Showing posts with label syllabus. Show all posts
Showing posts with label syllabus. Show all posts

Monday, November 6, 2017

Political Economy of Fascism Mini-Course

This mini-course is designed for popular education and to operate as either a series or as individual stand-alone workshops. The course begins with a review of my zine “You Can’t Punch Every Nazi” as a participatory workshop. The following four classes elaborate on the four layers of fascist doctrine I introduce in the first class. The last class takes account of fascist ideology to build a holistic antifascist theory highlighting existing antifascist praxis. I had originally designed this course for open library courses such as those the NYPL holds regularly.

For once, the syllabus and course readings are in one central document. Check it out here!

Class summaries can be found here:

Friday, February 3, 2017

Introduction to Economics and Global Capitalism Syllabus

I finally did it! I have taken the plunge, and ditched textbooks altogether for my intro class. The course, which serves as one of the two introductory courses at this department, is an intro to mathematical theory in general, rather than an intro to either micro or macro.

It's all in the syllabus

Wednesday, November 9, 2016

Political Economy of Fascism Syllabus

In the wake of the election of an outright racist, sexist homophobe, now seems as good a time as any to debut my Political Economy of Fascism syllabus. This course is designed to take students through the complex of political theories that were grafted together in the early 20th century to become the doctrine of fascism. After familiarizing students with the historical developments leading to fascism, the basic principles of fascist thought are explored.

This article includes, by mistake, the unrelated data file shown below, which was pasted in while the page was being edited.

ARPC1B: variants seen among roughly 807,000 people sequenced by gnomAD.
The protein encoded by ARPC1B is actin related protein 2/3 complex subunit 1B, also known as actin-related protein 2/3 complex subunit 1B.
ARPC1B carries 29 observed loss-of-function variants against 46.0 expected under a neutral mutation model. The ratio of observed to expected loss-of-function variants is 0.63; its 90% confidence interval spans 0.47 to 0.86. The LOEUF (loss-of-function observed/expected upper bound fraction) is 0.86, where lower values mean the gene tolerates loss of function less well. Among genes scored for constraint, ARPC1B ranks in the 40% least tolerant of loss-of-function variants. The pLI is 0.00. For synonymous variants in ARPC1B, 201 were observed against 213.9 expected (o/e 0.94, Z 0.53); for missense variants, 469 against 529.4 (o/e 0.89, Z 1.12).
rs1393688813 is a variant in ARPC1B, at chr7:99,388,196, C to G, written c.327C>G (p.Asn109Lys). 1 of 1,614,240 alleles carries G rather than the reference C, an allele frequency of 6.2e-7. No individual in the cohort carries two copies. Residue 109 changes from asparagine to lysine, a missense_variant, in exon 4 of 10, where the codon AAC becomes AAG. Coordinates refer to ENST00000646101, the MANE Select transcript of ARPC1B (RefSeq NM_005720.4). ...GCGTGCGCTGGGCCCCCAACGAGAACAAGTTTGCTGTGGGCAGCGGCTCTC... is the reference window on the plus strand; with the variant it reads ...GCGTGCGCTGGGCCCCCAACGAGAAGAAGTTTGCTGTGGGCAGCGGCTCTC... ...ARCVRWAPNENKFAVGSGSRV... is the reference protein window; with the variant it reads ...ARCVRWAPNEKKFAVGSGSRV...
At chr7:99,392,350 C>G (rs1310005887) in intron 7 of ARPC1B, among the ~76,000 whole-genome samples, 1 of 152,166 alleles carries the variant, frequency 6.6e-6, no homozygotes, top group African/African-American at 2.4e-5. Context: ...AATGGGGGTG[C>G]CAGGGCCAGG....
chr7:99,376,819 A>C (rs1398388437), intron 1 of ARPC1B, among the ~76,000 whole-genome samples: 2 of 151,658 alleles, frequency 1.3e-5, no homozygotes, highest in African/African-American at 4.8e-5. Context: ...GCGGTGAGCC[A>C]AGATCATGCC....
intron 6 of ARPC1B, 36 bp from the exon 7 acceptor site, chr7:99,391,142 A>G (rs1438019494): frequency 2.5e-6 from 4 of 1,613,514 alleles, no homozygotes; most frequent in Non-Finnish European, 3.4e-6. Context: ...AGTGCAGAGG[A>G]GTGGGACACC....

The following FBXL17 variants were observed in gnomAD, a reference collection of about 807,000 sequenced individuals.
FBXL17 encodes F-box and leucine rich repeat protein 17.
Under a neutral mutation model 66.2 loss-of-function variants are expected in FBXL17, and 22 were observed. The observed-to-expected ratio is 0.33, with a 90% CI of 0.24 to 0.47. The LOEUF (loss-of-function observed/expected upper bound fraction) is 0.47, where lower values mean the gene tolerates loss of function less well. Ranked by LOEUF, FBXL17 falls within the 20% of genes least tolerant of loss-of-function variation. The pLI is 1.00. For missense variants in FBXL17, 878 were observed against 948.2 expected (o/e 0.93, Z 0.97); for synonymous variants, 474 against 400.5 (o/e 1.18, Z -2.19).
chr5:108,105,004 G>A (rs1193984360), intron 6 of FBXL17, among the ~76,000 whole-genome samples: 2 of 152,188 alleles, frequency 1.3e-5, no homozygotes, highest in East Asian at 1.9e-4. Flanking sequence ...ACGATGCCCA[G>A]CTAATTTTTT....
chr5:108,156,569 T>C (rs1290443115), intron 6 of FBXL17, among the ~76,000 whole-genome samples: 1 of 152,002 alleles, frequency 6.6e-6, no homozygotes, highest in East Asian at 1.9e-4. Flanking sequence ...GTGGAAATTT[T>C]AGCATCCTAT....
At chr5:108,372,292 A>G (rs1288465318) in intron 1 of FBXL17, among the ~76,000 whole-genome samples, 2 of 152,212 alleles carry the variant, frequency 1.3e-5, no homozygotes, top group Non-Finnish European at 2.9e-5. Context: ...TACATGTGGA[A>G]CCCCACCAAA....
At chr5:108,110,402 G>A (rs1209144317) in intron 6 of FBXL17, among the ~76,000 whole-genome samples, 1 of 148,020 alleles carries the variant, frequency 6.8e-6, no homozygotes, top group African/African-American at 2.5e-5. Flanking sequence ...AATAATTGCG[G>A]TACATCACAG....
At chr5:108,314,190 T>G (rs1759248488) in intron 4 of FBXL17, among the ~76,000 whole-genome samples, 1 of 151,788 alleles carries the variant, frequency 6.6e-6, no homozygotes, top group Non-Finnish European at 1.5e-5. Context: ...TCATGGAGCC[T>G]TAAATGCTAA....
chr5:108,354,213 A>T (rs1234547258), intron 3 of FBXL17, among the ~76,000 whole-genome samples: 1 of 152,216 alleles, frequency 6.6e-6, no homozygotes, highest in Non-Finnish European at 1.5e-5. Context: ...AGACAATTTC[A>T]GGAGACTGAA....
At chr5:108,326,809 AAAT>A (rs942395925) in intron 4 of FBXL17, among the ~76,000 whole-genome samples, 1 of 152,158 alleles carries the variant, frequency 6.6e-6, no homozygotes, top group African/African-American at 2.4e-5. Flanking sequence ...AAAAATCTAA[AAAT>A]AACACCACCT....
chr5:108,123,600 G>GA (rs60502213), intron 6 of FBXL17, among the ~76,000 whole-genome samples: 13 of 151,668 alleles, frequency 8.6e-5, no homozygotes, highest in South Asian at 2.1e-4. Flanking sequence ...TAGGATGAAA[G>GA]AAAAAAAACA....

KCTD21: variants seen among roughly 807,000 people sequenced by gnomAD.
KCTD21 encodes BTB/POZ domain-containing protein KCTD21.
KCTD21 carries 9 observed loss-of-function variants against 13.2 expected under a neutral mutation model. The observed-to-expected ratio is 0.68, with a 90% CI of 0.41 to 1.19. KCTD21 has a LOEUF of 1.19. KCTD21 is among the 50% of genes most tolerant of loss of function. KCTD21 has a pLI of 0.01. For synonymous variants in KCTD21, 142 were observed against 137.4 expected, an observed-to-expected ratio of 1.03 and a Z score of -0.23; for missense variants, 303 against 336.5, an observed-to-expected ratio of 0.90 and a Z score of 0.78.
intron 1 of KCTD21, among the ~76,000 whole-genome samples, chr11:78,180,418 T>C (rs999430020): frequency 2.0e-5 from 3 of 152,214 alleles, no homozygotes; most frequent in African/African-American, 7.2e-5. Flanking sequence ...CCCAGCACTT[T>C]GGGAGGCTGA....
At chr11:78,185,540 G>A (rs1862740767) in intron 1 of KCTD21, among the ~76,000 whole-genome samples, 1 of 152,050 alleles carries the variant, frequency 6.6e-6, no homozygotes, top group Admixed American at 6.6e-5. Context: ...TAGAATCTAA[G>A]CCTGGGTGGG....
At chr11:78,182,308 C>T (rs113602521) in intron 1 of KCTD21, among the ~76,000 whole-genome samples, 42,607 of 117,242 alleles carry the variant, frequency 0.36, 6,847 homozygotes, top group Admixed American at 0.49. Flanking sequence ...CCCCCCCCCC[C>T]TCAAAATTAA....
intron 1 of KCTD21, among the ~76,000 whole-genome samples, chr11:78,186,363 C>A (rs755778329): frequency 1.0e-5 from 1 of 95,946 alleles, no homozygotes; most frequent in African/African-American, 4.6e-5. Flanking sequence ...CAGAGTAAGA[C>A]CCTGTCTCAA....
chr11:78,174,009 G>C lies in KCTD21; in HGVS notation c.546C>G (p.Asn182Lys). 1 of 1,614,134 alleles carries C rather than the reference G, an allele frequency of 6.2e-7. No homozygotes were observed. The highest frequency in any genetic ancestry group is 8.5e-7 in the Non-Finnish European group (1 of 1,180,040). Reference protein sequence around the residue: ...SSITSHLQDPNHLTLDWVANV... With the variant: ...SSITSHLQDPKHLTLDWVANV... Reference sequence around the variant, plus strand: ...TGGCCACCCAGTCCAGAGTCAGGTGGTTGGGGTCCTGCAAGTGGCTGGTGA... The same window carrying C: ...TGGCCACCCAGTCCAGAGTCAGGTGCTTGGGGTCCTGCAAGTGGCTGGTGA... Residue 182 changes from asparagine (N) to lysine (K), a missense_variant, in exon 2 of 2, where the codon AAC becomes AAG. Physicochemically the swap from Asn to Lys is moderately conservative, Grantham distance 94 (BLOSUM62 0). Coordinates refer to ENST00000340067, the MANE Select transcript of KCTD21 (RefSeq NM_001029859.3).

Given the compelling nature of fascist anti-rationalism, students are provided critical texts to disabuse them of the rabbit holes that fascism builds to pull people in. Instructors using this syllabus are strongly encouraged not to take this lightly. As per the syllabus, students should be instructed to do secondary source readings and debrief readings before reading the primary source (fascist) texts. Please instruct students that if they do not intend to do the secondary source and debrief readings, they should not dip into the primary source texts.

You can download the syllabus as a PDF using the Dropbox link here

The readings are separated by week in this Dropbox folder along with a text list of readings accessible online here

Instructors feel free to use this syllabus and reading list, but please let me know in the comments below. If you would like to modify the syllabus, I would be happy to provide the source LaTeX file the syllabus was written in.

Saturday, December 12, 2015

Economics in Historical Perspectives Syllabus

Stack of books for the course

I have been fortunate enough to be given the privilege to teach a 300-level course in the Spring. The course, Economics in Historical Perspectives, takes students from the Paleolithic era up to the present day exploring economic history, history of economic thought, and historiography.

The course is designed through the lens of my politics (left anarchist, what have you), and the readings reflect that. Because of this I urge you (and my students) to be critical of the readings contained within. You should consider who you're reading, their historical context, their motivations, their social status. This approach to scholarship, probably above all else, is what I hope for my students to get out of the class.

For your approval (or disgust, whatever), I give you the course syllabus and the recommended additional readings.